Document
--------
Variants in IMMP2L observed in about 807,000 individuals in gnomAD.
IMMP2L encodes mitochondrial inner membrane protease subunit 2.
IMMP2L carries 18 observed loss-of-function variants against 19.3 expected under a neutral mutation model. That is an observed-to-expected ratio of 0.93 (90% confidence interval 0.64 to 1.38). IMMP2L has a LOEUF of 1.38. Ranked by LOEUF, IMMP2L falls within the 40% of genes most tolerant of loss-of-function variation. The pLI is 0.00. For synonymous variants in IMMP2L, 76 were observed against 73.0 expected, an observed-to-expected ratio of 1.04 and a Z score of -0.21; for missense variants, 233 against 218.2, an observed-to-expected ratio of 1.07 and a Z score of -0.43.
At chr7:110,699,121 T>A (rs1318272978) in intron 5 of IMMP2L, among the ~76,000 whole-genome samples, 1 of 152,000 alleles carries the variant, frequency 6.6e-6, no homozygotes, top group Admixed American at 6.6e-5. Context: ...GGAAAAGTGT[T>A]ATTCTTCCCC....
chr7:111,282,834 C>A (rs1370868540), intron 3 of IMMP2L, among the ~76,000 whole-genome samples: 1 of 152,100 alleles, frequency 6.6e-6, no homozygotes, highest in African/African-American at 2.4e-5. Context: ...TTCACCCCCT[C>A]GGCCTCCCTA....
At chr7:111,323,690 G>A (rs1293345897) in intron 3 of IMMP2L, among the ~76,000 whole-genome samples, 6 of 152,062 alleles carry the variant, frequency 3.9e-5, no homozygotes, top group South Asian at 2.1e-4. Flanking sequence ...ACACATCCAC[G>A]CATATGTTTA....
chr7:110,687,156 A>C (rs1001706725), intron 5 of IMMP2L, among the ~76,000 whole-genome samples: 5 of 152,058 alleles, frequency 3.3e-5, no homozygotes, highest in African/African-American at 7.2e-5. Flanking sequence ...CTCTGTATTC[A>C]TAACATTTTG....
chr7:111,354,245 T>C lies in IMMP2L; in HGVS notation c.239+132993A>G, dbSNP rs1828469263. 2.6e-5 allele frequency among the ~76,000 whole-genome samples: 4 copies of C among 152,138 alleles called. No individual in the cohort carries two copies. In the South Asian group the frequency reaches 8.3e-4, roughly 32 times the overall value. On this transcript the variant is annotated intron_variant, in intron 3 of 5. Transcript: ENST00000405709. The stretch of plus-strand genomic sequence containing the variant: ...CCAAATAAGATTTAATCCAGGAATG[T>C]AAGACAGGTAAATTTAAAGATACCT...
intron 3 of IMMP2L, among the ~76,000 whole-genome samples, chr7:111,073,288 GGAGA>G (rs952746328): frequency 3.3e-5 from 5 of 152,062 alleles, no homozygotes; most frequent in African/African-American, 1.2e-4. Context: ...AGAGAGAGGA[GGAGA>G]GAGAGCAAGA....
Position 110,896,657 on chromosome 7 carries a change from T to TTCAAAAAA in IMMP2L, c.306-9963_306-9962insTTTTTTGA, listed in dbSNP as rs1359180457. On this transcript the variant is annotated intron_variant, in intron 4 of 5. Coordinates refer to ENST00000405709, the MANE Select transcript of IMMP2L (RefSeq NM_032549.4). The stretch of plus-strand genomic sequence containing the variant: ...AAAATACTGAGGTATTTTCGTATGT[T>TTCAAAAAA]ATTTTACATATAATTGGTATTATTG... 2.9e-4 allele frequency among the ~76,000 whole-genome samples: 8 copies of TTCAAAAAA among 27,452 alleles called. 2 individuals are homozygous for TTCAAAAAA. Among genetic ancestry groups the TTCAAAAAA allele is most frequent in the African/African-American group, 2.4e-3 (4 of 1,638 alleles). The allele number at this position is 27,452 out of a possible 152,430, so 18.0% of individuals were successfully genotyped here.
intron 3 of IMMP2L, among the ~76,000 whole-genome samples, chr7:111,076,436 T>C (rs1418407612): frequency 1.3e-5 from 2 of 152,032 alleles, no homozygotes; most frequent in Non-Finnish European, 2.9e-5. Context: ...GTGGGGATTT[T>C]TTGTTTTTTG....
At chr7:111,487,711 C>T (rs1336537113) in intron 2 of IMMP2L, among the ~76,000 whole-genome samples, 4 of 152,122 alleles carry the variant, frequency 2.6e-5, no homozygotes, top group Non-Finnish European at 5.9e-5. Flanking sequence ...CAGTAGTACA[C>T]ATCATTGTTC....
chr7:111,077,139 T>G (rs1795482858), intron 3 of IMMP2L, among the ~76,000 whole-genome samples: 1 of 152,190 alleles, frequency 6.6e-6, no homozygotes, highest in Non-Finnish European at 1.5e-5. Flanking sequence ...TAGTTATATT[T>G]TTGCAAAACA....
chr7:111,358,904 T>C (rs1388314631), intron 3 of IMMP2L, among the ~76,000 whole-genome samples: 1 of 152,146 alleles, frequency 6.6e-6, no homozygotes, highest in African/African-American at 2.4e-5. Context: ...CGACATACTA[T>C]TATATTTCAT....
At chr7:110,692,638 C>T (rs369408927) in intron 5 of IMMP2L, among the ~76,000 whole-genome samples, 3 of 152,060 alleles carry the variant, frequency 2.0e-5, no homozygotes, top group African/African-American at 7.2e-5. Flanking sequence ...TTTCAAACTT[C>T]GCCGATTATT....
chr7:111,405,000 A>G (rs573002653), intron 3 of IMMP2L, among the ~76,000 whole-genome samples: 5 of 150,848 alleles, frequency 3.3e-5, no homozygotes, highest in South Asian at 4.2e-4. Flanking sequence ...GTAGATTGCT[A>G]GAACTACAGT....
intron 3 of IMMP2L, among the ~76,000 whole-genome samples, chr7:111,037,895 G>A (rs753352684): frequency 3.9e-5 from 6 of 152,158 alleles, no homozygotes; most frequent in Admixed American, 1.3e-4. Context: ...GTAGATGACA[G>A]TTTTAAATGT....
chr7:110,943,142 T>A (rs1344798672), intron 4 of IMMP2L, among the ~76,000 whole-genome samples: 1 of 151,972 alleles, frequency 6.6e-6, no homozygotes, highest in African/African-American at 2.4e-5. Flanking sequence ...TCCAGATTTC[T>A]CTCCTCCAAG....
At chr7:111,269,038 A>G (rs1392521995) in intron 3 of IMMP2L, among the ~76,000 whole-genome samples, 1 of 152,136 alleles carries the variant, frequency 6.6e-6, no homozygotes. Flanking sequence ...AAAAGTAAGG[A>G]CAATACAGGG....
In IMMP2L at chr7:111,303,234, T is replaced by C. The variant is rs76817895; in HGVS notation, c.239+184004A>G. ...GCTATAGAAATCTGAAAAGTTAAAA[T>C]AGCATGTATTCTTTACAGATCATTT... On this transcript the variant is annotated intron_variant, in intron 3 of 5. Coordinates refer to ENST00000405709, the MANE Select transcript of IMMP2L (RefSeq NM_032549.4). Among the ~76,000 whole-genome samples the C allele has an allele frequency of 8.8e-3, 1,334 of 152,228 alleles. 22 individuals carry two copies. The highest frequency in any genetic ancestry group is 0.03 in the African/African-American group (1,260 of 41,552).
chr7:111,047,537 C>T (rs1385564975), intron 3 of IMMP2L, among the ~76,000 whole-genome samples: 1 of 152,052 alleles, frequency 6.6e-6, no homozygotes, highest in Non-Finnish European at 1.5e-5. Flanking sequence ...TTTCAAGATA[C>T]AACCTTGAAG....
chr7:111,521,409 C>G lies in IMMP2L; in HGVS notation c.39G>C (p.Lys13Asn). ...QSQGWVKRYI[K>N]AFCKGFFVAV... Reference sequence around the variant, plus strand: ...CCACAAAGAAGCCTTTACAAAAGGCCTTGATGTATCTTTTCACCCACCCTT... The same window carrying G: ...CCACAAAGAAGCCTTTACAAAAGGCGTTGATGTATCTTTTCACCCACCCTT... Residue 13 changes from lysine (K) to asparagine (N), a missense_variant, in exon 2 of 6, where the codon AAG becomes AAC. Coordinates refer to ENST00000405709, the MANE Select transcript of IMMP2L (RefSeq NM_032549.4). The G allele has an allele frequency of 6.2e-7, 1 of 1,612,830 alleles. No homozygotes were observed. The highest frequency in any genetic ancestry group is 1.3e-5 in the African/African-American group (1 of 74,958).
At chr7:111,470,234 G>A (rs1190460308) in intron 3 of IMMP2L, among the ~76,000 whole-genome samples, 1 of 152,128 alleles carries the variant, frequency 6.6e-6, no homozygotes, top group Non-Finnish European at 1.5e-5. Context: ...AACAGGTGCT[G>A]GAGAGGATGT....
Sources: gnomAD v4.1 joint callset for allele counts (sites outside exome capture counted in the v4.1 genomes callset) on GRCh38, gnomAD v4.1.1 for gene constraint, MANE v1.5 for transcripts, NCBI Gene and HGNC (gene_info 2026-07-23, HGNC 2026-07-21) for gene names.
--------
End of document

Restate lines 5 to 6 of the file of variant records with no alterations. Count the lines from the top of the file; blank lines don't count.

chr7:111,282,834 C>A (rs1370868540), intron 3 of IMMP2L, among the ~76,000 whole-genome samples: 1 of 152,100 alleles, frequency 6.6e-6, no homozygotes, highest in African/African-American at 2.4e-5. Context: ...TTCACCCCCT[C>A]GGCCTCCCTA....
At chr7:111,323,690 G>A (rs1293345897) in intron 3 of IMMP2L, among the ~76,000 whole-genome samples, 6 of 152,062 alleles carry the variant, frequency 3.9e-5, no homozygotes, top group South Asian at 2.1e-4. Flanking sequence ...ACACATCCAC[G>A]CATATGTTTA....